Lois Collins: Vandals are selfish thieves who should be dealt with accordingly

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  • KDave Moab, UT
    Aug. 16, 2018 8:58 a.m.

    The word is not vandals, it is tourists. Now maybe you can see why many opposed the Bears ears monument designation and the hordes of tourists it is bringing to destroy everything.

  • Spangs Salt Lake City, UT
    Aug. 15, 2018 3:05 p.m.

    No Names Accepted,

    May I also add!

    The new draft resource management plan just published today proposes SALE of 1600 acres of public land inside the old boundaries of the Grand Staircase Escalante National Monument!

    Interior Secretary Ryan Zinke has said on multiple occasions that "we will not sell or transfer public land." Apparently we cannot take him at his word, either.

  • Ernest T. Bass Bountiful, UT
    Aug. 15, 2018 1:17 p.m.

    Absolute selfishness, just like those who decided reduce our monuments.

  • Spangs Salt Lake City, UT
    Aug. 15, 2018 1:02 p.m.

    No Names Accepted,

    You note "Those who equate damaging and destroying natural wonders with a political decision to modify boundaries of monuments, to change management structure to what worked fine for 100+ years are, in fact, part of the problem."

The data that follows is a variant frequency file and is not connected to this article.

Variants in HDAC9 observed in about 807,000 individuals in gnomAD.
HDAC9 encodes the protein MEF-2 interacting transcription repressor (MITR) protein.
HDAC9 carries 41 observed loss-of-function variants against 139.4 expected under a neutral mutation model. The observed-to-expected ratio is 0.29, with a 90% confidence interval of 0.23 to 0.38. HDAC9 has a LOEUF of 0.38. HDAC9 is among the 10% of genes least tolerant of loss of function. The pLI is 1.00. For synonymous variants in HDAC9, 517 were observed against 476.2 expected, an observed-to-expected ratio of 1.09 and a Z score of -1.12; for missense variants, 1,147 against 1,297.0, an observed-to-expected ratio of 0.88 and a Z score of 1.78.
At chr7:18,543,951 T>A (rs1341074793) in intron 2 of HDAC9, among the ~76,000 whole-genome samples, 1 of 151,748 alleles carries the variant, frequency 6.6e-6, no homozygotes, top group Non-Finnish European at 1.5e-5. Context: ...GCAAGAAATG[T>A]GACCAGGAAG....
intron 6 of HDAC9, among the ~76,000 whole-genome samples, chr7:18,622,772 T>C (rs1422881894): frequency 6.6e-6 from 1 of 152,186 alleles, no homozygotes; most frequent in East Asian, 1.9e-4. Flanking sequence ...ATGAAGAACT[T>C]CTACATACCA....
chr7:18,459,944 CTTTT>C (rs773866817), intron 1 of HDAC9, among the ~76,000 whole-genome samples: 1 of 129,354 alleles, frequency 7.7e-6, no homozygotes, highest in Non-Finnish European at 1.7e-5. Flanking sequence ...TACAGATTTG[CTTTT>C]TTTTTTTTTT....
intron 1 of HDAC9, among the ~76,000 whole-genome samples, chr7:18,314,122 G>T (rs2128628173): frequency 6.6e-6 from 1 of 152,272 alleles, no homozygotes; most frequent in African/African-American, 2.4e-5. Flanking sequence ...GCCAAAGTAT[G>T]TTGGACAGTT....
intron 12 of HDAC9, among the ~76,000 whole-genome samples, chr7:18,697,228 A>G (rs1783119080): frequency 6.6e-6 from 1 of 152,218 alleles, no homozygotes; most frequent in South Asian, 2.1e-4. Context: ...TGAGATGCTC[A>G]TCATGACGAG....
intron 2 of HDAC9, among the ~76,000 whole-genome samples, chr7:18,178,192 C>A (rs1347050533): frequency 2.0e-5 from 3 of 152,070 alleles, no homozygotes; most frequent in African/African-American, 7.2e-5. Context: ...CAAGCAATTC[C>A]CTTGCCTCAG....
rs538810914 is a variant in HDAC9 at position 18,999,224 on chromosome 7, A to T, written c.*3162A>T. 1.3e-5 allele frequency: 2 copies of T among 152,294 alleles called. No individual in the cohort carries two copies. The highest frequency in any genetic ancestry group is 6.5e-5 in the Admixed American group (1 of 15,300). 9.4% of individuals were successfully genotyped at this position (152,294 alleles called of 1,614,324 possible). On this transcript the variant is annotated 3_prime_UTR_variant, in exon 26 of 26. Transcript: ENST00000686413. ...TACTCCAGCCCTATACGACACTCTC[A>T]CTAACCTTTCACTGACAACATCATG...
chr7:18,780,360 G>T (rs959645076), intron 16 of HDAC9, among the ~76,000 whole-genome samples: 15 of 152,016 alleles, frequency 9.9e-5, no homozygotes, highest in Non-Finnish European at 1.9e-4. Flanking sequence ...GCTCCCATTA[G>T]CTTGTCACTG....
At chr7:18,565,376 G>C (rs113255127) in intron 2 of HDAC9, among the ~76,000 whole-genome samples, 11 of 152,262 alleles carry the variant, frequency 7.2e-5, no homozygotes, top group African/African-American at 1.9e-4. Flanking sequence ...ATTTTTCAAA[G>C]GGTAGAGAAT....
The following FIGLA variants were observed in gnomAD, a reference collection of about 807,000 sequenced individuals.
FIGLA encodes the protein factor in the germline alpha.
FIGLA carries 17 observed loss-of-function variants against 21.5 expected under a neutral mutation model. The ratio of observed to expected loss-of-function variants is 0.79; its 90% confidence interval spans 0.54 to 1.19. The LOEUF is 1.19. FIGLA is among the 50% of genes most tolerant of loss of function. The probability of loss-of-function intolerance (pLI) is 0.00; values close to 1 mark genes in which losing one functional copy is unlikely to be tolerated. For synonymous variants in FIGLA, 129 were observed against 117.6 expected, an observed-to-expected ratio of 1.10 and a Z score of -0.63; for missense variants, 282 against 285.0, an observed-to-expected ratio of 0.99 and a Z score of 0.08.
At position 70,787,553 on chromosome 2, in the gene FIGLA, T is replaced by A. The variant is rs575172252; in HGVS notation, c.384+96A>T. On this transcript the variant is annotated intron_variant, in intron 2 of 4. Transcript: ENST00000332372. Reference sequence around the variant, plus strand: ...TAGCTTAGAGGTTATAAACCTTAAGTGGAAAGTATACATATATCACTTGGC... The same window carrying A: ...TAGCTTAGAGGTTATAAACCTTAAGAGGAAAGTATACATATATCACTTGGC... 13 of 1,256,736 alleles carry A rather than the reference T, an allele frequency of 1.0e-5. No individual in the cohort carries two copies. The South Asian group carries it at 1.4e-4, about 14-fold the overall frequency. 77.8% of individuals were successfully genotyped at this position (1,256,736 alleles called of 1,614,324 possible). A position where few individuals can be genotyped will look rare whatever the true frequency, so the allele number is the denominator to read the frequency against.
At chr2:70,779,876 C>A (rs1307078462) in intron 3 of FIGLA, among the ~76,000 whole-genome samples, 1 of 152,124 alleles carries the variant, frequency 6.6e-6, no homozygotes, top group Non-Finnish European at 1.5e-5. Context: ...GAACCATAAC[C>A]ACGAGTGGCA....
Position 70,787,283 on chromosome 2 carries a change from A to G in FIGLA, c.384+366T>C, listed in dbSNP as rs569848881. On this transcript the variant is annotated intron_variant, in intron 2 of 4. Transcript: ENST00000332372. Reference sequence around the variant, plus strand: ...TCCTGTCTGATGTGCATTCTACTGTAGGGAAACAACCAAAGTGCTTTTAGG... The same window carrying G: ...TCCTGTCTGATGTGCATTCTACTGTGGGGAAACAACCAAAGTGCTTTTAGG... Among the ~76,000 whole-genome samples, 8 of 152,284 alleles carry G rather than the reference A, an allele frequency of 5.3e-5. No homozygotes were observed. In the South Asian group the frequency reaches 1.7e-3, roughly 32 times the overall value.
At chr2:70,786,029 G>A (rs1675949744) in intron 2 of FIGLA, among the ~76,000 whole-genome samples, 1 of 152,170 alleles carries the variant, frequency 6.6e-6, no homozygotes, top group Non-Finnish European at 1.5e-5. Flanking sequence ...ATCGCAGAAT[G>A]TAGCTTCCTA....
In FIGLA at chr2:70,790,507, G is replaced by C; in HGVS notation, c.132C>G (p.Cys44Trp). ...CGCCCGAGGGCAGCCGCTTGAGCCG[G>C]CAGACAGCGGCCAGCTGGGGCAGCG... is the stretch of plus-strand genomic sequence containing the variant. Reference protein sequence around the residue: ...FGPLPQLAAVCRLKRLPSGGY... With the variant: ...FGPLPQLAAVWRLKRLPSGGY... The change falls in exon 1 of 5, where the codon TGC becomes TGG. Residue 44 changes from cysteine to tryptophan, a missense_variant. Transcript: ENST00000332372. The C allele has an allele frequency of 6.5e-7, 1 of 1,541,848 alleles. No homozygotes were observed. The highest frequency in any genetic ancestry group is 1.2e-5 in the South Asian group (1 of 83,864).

My dear sir, the modification of boundaries is not the problem here lol. It is the degradation of the landscape that comes with it. There are currently 4 new mineral extraction claims in what was Bears Ears as well as new claims at Colt Mesa on former Grand Staircase Monument land. This isn't some boy who cried wolf scenario. There are already plans to permanently alter these landscapes. This kind of thing might have "worked fine for 100+ years," but it is unacceptable today.

    In the immortal words of ... yourself, "We've learned since then and know better today - environmental mistakes of the past are no excuse for wanton vandalism."

  • NoNamesAccepted St. George, UT
    Aug. 15, 2018 11:17 a.m.

    Let us remember, it was the radical left that legitimized vandalism with their "monkey wrench" tactics. Yes yes. Those tactics were "only" intended to be used against private property and to endanger innocent human life in the noble effort to stop all logging and mineral development.